The rebellion isn’t beginning at Rebel Republic Social House, and that’s just fine [RESTAURANT REVIEW]

The rebellion isn’t beginning at Rebel Republic Social House, and that’s just fine [RESTAURANT REVIEW]

by David Mendez

Despite the checkered history of revolutions in our own time, we still sympathize with the passion and daring of rebels. This is true not just for movies, but in marketing food and beverages too. Samuel Adams Brewing makes a Rebel IPA, local bad boys Rebel Coast make wine, and Rebel Republic Social House recently opened in Riviera Village. There’s not that much that’s really rebellious about that restaurant and cocktail spot; it’s part of the Hennessey Group, which is about as establishment as you get in Riviera Village.

The place has a lively, loud vibe inside, and those who enjoy a slightly more sedate dining experience may prefer the outdoor dining deck. On the spectrum between bars that serve food and restaurants that serve booze this is definitely on the bar side, albeit at the high end. The menu is short but interesting and has a lot of shared plates, and even if no alcohol passes your lips you can have a good time here.

Among the elevated bar snacks are fried deviled eggs and French fries topped with a fried egg, bacon, and mornay sauce. It’s all the things we like at breakfast in a stylish package; okay, maybe we don’t usually have mornay sauce with our eggs, potatoes, and bacon, but this makes a case that we should, as the white sauce with gruyere cheese added is better that what you’re probably used to pouring on eggs.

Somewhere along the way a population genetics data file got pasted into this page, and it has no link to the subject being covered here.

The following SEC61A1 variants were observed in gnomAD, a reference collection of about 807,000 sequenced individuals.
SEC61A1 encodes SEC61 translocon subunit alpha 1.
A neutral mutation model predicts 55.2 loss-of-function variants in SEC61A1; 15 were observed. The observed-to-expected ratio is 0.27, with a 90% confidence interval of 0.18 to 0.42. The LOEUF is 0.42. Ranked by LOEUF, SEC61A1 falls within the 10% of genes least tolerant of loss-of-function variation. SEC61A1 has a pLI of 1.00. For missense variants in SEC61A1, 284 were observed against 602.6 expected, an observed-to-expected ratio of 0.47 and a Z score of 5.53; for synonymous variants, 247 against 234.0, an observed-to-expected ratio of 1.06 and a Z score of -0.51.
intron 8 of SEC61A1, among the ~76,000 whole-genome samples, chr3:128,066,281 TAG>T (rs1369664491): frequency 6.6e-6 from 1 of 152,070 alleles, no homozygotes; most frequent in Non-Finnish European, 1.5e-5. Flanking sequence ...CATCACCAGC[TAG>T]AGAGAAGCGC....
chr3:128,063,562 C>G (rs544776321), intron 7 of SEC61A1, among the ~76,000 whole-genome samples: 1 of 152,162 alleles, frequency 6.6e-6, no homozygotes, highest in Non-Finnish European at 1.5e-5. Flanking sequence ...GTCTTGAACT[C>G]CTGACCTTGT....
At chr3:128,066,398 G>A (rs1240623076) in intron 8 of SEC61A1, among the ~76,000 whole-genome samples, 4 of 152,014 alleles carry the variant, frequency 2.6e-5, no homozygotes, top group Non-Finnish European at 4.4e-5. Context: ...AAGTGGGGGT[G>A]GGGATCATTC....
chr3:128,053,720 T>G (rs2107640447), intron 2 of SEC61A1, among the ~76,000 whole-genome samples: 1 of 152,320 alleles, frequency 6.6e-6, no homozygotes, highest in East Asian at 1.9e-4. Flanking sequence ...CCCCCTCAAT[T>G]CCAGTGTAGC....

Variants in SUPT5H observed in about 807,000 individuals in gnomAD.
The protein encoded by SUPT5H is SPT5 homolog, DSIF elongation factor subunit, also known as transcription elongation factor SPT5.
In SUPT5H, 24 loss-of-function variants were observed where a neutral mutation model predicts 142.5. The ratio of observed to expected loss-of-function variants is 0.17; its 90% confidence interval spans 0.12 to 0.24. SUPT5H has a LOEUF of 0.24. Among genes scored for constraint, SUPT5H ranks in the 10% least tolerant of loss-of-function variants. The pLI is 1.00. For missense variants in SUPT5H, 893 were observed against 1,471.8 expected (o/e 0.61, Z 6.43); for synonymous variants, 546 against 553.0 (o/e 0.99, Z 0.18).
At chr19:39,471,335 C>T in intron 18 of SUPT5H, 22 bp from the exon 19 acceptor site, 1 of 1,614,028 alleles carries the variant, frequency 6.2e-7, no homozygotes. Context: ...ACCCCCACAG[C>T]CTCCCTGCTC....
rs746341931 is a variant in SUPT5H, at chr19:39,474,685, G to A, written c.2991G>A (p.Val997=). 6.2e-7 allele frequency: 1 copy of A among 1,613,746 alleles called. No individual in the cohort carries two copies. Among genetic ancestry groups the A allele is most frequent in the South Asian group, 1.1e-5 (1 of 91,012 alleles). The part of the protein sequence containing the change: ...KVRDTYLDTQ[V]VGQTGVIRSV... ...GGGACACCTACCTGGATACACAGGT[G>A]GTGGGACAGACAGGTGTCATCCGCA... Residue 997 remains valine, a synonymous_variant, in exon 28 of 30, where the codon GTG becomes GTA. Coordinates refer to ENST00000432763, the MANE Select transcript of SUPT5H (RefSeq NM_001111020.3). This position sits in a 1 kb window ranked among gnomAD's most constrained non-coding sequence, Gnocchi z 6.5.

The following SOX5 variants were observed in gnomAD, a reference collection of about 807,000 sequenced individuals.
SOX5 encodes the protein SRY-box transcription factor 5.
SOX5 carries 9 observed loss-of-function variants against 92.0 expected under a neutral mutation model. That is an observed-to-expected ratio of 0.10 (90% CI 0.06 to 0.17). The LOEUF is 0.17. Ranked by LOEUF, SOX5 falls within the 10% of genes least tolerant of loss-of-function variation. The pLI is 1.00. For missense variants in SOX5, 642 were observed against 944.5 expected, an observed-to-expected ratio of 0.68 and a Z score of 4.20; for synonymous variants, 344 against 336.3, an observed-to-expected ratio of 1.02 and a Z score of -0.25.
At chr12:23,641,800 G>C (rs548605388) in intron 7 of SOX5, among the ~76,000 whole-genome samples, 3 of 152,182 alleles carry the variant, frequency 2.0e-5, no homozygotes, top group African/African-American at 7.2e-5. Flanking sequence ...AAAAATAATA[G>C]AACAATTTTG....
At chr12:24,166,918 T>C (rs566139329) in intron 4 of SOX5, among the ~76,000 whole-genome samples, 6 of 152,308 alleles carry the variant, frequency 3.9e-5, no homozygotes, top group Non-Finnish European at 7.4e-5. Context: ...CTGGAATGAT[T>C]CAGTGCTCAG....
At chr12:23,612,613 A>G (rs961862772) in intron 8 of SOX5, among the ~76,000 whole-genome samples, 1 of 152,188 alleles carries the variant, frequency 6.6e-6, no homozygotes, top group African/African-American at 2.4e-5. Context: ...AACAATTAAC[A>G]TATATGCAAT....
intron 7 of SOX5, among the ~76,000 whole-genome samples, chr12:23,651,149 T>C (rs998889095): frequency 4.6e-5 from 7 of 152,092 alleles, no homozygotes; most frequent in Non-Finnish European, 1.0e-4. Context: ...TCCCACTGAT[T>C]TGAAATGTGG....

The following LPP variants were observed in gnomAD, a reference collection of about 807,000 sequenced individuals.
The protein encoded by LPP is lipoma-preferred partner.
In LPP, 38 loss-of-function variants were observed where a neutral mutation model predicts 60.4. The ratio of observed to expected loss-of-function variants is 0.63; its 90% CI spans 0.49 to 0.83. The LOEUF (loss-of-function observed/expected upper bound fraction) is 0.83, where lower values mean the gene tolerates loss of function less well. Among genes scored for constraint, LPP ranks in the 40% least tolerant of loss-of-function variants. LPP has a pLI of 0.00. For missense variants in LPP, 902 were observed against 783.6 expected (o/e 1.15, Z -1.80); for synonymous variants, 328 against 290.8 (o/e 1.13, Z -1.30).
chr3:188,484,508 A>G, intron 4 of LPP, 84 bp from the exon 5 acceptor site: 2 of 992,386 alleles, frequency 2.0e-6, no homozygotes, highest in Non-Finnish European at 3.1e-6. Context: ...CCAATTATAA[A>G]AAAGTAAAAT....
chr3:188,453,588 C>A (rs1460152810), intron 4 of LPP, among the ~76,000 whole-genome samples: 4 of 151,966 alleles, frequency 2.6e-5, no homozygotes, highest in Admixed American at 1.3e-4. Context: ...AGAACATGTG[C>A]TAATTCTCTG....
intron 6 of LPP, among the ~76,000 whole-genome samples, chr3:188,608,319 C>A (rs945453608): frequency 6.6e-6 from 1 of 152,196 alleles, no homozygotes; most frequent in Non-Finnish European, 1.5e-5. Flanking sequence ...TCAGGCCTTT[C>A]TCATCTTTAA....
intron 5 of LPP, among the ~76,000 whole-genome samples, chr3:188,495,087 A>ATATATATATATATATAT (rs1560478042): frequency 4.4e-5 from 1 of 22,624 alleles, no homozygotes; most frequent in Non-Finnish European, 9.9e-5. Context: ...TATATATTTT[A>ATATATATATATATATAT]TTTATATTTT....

The fried deviled eggs were conventional except for the part about breading and frying the whites. The warm, crisp exterior contrasted nicely with the cool whipped yolk with mustard and herbs, and the topping of bacon crumbles and shredded scallions added bursts of sharp and smoky flavor.

I was less delighted with another starter, the Memphis pork rib that had been topped with a misoyaki sauce. Misoyaki has a sweet and salty flavor that works great on fish, but the heavy-handed dose obscured the spice rub and smoke flavor of these ribs.

We tried three salads, a burrata with fava, one with bacon and lettuce, and albacore with fennel, daikon, and manchego. Favas are going out of season and this may not be available for long, but if it is, order it. The addition of Korean chili threads lends a hint of spiciness to a cool, rich dish, and it’s a standout. The albacore salad had subtle contrasting flavors, and the unlikely combination of fish with fennel, Asian pear, and manchego cheese somehow was complemented with the light grapefruit-mustard dressing. Only the bacon salad was disappointing, because it’s exactly what it said it was – bacon, green heirloom tomato, lettuce, and buttermilk blue cheese dressing. It lacked the finesse of the other salads.   

There are only three entrees on the menu. The olive oil poached salmon with champagne-chimichurri sauce was a hit, and it was more interesting than you could have guessed from the menu description. That mentioned only potatoes accompanying it, but there were also radish slices and sautéed greens that made it balanced both in terms of nutrition and flavor. Chimichurri sauce is usually used for meats in Argentine cooking, but this mild version worked nicely with fish and didn’t overwhelm the other flavors.